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Thursday, September 11, 2008

Game, Set and Machinima at the Cambridge Film Festival, part 1

Short Fuze’s Matt Kelland and FDMX’s Saint John Walker have partnered to curate “Game, Set and Machinima” at this years Cambridge Film Festival (festival program).

PANEL - Screen Stories: Narrative in Games and Film (23 September 16:00 @ Arts Picturehouse)

“We tell ourselves stories in order to live” Joan Didion. Narrative in games has become more sophisticated thanks to photo-real graphics, surround-sound audio, larger screens and professional scriptwriters, but how does the experience of gaming on the latest consoles compare to storytelling on the big screen? Is the car chase in Bullitt better than running from the cops on GTA IV? Is the obelisk in 2001 more awe-inspiring than the Halo? And whose zombies would you rather have chasing you – George Romero’s or the ones in Dead Rising on the Xbox 360? Join technology writer Bill Thompson and a panel of industry experts to debate the future of narrative, with a batch of illustrative ?lm clips, live gameplay and Machinima extracts.

The screenings will be divided into four unique tracks:

Synthetic Cinema” will focus on films that replicate traditional cinematic genres (90 mins. English. 21 September 14:00 @ Arts Picturehouse.)

Machinima, borne out of games, has started a love affair with film. Although lacking the detail, dynamic range and sumptuousness of film stock, “machinimators” have made up for this with their flair for precision editing and cinematic composition, creating mood and suspense with big screen ambitions. In this session you’ll find a gamut of current film genres transported into the virtual world, from the romantic and mawkish through to the humourous and the horrific. However, these aren’t mere fan homages – these are engaging stories in their own right. As well as a screening of acclaimed films there will be a panel including Hugh Hancock, creator of the first Machinima feature film, and David Heinemann, associate film tutor of the BFI, discussing where cinematic Machinima is going and whether it will find acceptance in the wider film world – or even change it!

Dreams and Shadows” will cover darker, more experimental pieces (90 mins. English.)

Machinimators are not bound by the resources or rendering time constraints animators commonly endure to achieve their vision. The ability to change images rapidly in 3D space has led to an avalanche of playful experimentation – often with evocative or surreal results. There’s a feeling that since there are few ground rules in this new media, there’s plenty of room to try out new ideas, to bend and disrupt narrative, to explore different kinds of colourful abstraction. Here we see a collection of the more experimental, fantastic and occasionally dark visions conjured up in Machinima, from the exquisite Second Life-created mindscape of Lainy Voom’s BLACK SWAN to the paintbox craziness of Phil Rice’s BODYSNATCHERS Radiohead video – and the feverish nightmare of Tony Bannan’s FOLIE A DEUX.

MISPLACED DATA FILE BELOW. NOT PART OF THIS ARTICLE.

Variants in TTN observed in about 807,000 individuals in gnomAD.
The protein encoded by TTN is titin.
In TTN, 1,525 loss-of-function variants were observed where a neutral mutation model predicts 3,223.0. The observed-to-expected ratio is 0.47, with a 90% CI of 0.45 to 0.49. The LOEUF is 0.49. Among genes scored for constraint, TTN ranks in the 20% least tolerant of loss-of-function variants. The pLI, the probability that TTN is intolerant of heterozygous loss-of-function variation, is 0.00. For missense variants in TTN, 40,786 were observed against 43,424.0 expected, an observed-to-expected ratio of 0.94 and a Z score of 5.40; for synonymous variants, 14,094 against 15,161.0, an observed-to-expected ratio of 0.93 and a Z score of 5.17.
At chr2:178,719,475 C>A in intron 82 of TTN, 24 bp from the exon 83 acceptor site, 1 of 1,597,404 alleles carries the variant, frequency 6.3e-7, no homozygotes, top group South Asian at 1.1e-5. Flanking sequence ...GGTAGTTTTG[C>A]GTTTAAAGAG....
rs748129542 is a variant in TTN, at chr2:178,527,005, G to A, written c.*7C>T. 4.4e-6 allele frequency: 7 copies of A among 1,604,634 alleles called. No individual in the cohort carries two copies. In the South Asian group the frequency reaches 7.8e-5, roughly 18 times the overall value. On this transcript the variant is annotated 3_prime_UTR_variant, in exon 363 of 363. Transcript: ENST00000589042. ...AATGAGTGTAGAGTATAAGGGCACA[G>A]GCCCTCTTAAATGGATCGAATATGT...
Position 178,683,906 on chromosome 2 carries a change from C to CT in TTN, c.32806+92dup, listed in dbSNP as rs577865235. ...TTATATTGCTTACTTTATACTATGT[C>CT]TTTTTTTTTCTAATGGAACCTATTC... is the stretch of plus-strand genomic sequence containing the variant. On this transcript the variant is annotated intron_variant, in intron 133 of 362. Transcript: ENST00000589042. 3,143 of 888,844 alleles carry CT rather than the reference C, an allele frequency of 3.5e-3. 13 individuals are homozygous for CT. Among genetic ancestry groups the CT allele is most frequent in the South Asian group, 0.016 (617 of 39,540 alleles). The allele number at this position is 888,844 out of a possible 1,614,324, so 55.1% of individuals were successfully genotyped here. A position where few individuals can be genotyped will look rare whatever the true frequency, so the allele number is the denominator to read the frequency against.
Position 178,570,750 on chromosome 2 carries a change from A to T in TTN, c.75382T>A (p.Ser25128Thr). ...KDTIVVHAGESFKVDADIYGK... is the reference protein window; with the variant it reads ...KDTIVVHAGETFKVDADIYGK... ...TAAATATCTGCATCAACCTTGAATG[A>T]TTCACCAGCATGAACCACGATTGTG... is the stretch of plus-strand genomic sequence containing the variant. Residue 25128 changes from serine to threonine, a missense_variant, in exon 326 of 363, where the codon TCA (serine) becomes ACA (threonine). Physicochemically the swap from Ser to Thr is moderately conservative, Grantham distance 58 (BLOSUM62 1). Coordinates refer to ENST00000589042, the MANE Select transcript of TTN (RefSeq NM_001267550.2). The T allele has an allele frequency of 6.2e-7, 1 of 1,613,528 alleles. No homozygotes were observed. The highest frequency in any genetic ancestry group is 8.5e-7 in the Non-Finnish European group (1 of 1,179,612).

Play’s the Thing” will be centred on machinima’s gaming roots (90 mins. English.)

Games are now mainstream and the games industry outstrips film and TV in terms of size; more people play World of Warcraft on any given day than see a new blockbuster film on its first weekend, and recently Grand Theft Auto 4 was reportedly the highest grossing media product of all time. Machinima has its roots in the twilight worlds of “modding” and tinkering with games engines. Here we explore the weird world of homages, satires and wry social commentary made by hijacking games characters and environments. See familiar characters from Halo, Sims, Half-Life, Grand Theft Auto and even Hillary Clinton(!) migrate to the big screen to entertain you, crossing from high-octane game into drama, comedy, or even soap opera genres. A leading Games expert will be on hand to explain to the uninitiated just exactly how and why it’s done.

Zero Budget, Big Audience” will feature films that have been viral Internet hits (90 mins. English. 22 September 14:00 @ Arts Picturehouse.)

Making a Machinima movie on zero budget doesn’t mean that you can’t reach as many people as a TV channel. Come and see the most successful Machinima movies ever made, and listen to leading personalities from the world of amateur Machinima explain how YOU can reach a million people with a single home-produced Machinima movie. See great Machinima examples and hear how the creators got the publicity, and built on their success. Our panelists will be kept in check by chairperson David Bailey, CEO of Moviestorm. If you aspire to making your own movies and clocking up a million hits, this session’s for you!

There will be a panel including Hugh Hancock, creator of the first Machinima feature film (BloodSpell), and
David Heinemann, associate film tutor of the BFI, discussing where cinematic Machinima is going and whether it will find acceptance in the wider film world – or even change it!

Hugh Hancock and Johnnie Ingram, co-authors of Machinima for Dummies, will also present hands-on workshops - “Make a Movie in your Lunchbreak” - where participants (suitable for ages 13 and over) will be able to make a complete 3D animated movie in one hour. All software will be provided, no knowledge of 3D modelling or animation is required. Everyone will leave with a free digital movie-making. Pre-booking through the Arts Picturehouse is essential. Check this page for times/dates.

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